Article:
How’s your drinking water?

The 2015 crisis in Flint, MI might have you wondering: Is there lead in my drinking water? And what else is in there that could harm my family’s health? It’s worth taking the time to find out.

Where do you get your water?

There are thousands of individual water systems in Oregon—2,600 are public and hundreds of others private. Some serve communities, and others serve individual hospitals, schools, campgrounds and more.

The 54 largest public community water systems, like those in Portland and Salem, serve 70% of Oregonians. Another 7% of Oregonians get their water from much smaller community systems, serving as few as 10 households.

All of these suppliers are required by federal law to provide a yearly drinking water report to all their water users, showing what they’ve discovered about 91 different pollutants. Oregon’s 2014 report to federal authorities shows that our water systems occasionally violate standards for arsenic, bacteria and nitrates. Some systems also failed to report at all on pollution from pesticides and other toxics.

Find much more information here about water in schools, hospitals and other non-community systems.

23% of us have private systems

Wells with less than 10 individual connections are considered “non-public” water systems and are regulated by the state, not federal law. About 23% of Oregonians get drinking water from private systems. And while experts recommend regular testing for nitrates, bacteria and arsenic, the only testing required is when a property is sold.

That testing is very rarely enforced, leaving people vulnerable to serious health risks. Groundwater contamination is a serious issue in some areas of Oregon.  Groundwater quality studies find that nitrate is the most commonly detected contaminant, followed by pesticides, volatile organic compounds, and bacteria. Fertilizer, manure runoff and failing septic systems are among the sources of these contaminants. Read more about contaminants.

Read more about an Oregon bill to prevent water contamination from septic systems.

If you rely on a private well, check out  information on testing, maintenance and safety from the Oregon Health Authority. 

OEC is leading efforts to pass a Safe Well Water Bill in 2016; you can help support this bill.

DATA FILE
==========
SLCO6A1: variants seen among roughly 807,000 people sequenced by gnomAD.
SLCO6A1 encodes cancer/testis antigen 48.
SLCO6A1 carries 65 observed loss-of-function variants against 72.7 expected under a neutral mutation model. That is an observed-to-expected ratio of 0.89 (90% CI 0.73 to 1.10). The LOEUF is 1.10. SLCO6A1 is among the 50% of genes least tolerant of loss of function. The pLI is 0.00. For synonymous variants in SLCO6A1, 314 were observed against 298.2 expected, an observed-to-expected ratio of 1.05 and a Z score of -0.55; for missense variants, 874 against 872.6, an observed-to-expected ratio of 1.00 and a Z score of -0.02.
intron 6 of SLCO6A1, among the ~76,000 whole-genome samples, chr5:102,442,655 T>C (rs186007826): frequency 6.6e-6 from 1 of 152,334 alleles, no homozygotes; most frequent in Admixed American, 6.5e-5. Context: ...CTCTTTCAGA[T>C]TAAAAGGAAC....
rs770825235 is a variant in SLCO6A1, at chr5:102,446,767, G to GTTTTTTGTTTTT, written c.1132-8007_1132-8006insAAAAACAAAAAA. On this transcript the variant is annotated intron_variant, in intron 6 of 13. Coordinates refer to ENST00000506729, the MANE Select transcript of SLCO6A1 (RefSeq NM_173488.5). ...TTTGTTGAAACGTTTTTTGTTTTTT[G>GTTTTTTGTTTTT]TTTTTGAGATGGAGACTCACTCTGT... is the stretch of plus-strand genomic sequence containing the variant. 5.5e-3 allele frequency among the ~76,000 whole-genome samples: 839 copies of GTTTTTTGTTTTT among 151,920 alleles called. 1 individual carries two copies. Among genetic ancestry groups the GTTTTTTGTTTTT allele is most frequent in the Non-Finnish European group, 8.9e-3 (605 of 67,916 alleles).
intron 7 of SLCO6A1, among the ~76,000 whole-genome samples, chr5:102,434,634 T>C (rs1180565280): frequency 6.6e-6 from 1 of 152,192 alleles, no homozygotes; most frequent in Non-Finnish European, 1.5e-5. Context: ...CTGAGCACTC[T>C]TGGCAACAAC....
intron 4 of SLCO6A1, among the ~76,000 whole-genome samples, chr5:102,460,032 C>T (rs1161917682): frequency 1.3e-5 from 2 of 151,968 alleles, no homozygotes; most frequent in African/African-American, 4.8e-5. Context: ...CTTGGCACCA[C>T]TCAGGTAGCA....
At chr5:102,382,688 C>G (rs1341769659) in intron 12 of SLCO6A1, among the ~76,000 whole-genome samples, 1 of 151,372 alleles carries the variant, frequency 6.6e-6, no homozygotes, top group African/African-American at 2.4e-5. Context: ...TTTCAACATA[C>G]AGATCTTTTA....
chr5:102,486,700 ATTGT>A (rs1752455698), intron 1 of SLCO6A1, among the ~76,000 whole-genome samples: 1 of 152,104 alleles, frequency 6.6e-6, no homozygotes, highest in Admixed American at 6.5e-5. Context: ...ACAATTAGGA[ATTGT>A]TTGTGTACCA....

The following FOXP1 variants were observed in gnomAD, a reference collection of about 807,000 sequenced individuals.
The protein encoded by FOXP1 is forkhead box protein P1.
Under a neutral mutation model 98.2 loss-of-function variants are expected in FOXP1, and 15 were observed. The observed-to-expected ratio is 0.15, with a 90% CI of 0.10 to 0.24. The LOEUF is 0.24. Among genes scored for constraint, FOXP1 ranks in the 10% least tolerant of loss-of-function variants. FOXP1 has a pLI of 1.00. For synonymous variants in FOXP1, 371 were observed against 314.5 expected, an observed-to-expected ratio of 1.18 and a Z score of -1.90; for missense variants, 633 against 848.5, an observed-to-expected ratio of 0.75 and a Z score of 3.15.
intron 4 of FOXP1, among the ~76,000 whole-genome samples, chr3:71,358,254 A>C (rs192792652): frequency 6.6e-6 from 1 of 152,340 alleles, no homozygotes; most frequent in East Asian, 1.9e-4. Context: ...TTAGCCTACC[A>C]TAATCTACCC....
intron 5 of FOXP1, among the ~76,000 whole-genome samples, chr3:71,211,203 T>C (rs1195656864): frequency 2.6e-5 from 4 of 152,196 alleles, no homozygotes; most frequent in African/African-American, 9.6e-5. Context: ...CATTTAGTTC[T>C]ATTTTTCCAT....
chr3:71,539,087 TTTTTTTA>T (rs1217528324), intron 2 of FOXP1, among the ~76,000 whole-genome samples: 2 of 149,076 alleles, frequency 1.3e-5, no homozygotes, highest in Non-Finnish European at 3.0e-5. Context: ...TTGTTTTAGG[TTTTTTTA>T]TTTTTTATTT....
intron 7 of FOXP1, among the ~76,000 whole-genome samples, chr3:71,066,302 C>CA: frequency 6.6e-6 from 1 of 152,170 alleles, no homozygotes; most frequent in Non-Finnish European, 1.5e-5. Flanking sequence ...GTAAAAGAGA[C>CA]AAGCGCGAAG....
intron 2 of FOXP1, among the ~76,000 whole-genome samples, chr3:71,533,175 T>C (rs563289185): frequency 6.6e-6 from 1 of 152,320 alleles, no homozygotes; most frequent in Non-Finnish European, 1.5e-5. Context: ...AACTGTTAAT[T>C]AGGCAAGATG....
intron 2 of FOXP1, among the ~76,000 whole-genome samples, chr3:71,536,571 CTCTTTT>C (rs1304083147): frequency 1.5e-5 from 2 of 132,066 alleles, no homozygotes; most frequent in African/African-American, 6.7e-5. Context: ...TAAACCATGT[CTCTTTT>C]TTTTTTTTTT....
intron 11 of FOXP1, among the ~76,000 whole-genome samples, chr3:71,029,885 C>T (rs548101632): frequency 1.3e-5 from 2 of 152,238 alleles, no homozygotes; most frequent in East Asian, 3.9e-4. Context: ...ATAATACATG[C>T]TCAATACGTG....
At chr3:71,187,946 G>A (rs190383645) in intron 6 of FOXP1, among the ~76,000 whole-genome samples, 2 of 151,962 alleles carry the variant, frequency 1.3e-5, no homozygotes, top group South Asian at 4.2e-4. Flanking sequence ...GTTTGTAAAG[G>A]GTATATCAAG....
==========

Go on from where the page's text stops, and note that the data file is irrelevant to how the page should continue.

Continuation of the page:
Is your plumbing older than 1985?

The most urgent problem in Flint, MI was not a polluted water supply—it was a corrosive one. Public water systems, including those in Oregon, must be treated so that they don’t corrode old pipes and release toxic lead. In Flint, the city was not complying with the law.

Oregon has a long history of going above and beyond to ensure safe drinking water for its residents. We banned lead-containing solders in 1985, a year before the federal ban. Most of our largest water systems have installed corrosion control treatment measures to reduce lead levels at the tap. And the City of Portland spent nearly $10 million to remove more than 10,000 lead service connections between 1985 and 1998.

While treated water cuts way down on lead leaching, we also know that no amount of lead is safe for infants and children. If your plumbing system is older than 1985, it likely contains some lead that may leach into water that is stagnant in your pipes. If you do have old pipes, you may wish to practice these precautions:

  • Run your tap water until it is noticeably colder in order to flush out the water sitting in your pipes.
  • Use only cold tap water for drinking and cooking; lead dissolves more easily into hot water.
  • Boiling water will not get rid of lead. You can search for filters that will reduce lead at EWG.
  • If you suspect that your child may be exposed to lead, the only way to know for sure is to ask your physician to do a blood test. 
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